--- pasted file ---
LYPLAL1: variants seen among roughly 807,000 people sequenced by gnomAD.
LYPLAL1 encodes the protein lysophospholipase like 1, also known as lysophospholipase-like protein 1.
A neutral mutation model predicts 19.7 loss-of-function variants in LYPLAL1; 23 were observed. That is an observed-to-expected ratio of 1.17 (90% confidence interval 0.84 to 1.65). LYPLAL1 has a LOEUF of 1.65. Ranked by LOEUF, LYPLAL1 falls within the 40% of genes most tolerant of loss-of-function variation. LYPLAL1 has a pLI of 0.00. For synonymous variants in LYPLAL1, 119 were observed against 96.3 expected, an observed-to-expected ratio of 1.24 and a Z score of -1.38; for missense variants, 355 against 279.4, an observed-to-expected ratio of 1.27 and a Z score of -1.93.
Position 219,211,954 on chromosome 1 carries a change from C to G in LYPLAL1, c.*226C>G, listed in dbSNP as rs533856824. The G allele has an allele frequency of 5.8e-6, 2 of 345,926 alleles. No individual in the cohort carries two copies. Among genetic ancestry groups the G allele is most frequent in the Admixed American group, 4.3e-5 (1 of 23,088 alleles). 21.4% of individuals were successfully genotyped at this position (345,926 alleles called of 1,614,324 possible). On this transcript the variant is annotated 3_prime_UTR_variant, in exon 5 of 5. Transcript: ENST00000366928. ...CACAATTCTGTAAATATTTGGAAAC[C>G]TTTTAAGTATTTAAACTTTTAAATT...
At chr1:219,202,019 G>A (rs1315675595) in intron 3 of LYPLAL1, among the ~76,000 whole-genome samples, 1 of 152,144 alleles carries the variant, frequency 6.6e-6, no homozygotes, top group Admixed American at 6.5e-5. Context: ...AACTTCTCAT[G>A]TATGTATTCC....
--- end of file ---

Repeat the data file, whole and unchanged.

LYPLAL1: variants seen among roughly 807,000 people sequenced by gnomAD.
LYPLAL1 encodes the protein lysophospholipase like 1, also known as lysophospholipase-like protein 1.
A neutral mutation model predicts 19.7 loss-of-function variants in LYPLAL1; 23 were observed. That is an observed-to-expected ratio of 1.17 (90% confidence interval 0.84 to 1.65). LYPLAL1 has a LOEUF of 1.65. Ranked by LOEUF, LYPLAL1 falls within the 40% of genes most tolerant of loss-of-function variation. LYPLAL1 has a pLI of 0.00. For synonymous variants in LYPLAL1, 119 were observed against 96.3 expected, an observed-to-expected ratio of 1.24 and a Z score of -1.38; for missense variants, 355 against 279.4, an observed-to-expected ratio of 1.27 and a Z score of -1.93.
Position 219,211,954 on chromosome 1 carries a change from C to G in LYPLAL1, c.*226C>G, listed in dbSNP as rs533856824. The G allele has an allele frequency of 5.8e-6, 2 of 345,926 alleles. No individual in the cohort carries two copies. Among genetic ancestry groups the G allele is most frequent in the Admixed American group, 4.3e-5 (1 of 23,088 alleles). 21.4% of individuals were successfully genotyped at this position (345,926 alleles called of 1,614,324 possible). On this transcript the variant is annotated 3_prime_UTR_variant, in exon 5 of 5. Transcript: ENST00000366928. ...CACAATTCTGTAAATATTTGGAAAC[C>G]TTTTAAGTATTTAAACTTTTAAATT...
At chr1:219,202,019 G>A (rs1315675595) in intron 3 of LYPLAL1, among the ~76,000 whole-genome samples, 1 of 152,144 alleles carries the variant, frequency 6.6e-6, no homozygotes, top group Admixed American at 6.5e-5. Context: ...AACTTCTCAT[G>A]TATGTATTCC....